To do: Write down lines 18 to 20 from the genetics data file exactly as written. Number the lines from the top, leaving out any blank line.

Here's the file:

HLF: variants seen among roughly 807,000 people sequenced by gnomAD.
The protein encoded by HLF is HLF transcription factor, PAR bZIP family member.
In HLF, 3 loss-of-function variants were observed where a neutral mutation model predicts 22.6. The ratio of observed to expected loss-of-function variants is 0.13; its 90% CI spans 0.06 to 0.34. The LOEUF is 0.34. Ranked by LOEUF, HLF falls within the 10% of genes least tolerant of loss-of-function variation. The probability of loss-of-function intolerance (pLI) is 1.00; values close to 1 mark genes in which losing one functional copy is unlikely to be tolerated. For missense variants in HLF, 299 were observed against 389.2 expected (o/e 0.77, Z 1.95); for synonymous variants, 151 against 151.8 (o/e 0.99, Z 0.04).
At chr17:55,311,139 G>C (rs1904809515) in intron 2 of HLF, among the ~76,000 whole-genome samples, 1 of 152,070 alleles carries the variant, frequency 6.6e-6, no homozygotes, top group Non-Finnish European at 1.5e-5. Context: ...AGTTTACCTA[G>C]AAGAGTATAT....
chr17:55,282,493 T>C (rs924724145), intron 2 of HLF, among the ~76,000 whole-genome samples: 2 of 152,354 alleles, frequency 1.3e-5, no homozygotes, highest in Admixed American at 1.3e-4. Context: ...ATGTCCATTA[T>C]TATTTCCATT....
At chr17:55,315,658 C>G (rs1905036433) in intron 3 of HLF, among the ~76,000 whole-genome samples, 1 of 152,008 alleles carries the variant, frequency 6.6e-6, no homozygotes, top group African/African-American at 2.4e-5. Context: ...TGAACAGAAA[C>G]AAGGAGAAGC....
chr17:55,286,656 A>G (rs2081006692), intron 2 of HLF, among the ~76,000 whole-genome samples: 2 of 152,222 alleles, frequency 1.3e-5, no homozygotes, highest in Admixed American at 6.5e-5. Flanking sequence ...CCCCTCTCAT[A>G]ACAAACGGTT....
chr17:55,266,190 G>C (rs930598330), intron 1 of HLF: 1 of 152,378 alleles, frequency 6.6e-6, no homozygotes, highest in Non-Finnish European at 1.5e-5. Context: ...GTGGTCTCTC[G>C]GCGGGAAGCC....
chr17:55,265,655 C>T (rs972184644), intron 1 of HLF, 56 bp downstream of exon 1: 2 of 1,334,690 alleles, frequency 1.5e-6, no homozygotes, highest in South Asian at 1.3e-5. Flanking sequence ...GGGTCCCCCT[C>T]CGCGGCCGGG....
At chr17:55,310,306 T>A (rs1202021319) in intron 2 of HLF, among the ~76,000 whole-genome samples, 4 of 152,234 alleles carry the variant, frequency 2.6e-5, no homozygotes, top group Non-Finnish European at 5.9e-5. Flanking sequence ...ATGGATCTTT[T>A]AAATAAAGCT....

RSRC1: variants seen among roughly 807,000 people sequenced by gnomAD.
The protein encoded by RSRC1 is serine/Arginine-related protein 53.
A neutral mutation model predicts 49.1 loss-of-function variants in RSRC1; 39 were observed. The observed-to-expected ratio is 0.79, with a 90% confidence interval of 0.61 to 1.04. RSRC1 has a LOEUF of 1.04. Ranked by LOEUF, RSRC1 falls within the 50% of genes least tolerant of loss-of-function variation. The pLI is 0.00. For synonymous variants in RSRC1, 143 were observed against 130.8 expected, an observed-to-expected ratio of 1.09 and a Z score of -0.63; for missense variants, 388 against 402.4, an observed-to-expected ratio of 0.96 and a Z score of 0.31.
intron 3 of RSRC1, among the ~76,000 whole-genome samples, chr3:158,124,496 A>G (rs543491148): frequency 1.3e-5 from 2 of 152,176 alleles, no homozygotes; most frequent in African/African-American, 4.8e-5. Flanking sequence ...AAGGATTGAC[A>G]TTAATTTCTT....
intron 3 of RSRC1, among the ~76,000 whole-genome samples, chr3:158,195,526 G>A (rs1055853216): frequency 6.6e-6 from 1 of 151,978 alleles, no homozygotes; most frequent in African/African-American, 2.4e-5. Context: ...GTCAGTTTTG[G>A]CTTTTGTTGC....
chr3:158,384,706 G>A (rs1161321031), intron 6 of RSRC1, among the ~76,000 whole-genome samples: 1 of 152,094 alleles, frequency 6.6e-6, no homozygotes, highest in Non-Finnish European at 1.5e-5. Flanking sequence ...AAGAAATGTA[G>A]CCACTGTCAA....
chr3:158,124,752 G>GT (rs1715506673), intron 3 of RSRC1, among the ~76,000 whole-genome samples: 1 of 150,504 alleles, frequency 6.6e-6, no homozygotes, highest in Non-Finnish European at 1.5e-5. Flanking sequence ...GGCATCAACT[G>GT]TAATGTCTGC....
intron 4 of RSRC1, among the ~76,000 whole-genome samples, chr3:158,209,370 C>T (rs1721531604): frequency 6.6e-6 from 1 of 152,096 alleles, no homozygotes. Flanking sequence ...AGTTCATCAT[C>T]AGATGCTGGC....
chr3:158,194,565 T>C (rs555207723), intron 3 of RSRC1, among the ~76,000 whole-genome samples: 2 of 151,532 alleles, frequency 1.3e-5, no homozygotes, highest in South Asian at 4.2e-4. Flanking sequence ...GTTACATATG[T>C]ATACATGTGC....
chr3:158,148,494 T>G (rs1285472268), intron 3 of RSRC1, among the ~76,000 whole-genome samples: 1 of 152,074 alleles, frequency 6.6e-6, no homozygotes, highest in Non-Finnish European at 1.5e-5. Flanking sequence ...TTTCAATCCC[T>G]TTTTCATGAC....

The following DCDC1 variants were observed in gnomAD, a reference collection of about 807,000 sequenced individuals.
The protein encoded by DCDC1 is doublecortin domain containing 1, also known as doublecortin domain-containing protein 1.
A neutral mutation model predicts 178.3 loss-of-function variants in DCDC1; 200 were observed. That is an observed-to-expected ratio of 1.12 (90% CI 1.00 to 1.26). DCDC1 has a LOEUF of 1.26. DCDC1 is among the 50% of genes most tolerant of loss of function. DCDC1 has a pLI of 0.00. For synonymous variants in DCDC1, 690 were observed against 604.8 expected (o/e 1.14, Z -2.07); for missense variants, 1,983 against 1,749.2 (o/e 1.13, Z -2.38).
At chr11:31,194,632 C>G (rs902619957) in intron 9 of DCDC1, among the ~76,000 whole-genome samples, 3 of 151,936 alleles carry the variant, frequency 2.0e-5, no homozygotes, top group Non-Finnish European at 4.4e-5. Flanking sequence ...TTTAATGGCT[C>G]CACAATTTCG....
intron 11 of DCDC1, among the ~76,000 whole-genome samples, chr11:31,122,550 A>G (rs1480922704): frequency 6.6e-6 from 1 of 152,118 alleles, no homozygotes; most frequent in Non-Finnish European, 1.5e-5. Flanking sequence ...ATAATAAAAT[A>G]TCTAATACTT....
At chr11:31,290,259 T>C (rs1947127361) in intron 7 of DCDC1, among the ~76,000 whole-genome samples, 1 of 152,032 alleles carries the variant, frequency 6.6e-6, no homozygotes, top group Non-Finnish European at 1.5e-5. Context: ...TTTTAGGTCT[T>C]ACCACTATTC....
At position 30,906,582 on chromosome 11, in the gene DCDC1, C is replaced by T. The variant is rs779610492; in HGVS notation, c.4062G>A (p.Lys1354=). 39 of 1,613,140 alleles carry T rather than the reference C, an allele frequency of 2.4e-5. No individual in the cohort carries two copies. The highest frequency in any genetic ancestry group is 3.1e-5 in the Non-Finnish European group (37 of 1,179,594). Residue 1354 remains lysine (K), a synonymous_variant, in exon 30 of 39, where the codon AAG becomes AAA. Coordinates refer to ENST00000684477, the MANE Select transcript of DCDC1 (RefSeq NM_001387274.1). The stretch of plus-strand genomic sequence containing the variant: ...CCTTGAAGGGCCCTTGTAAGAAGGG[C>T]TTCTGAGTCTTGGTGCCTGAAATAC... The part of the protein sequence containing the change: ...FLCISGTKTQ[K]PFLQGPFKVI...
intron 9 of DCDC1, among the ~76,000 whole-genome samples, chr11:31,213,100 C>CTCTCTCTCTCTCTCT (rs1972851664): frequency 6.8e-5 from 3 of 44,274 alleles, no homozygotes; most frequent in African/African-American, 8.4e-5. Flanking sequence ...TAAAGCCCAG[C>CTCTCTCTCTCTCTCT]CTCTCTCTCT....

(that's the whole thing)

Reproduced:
intron 4 of RSRC1, among the ~76,000 whole-genome samples, chr3:158,209,370 C>T (rs1721531604): frequency 6.6e-6 from 1 of 152,096 alleles, no homozygotes. Flanking sequence ...AGTTCATCAT[C>T]AGATGCTGGC....
chr3:158,194,565 T>C (rs555207723), intron 3 of RSRC1, among the ~76,000 whole-genome samples: 2 of 151,532 alleles, frequency 1.3e-5, no homozygotes, highest in South Asian at 4.2e-4. Flanking sequence ...GTTACATATG[T>C]ATACATGTGC....
chr3:158,148,494 T>G (rs1285472268), intron 3 of RSRC1, among the ~76,000 whole-genome samples: 1 of 152,074 alleles, frequency 6.6e-6, no homozygotes, highest in Non-Finnish European at 1.5e-5. Flanking sequence ...TTTCAATCCC[T>G]TTTTCATGAC....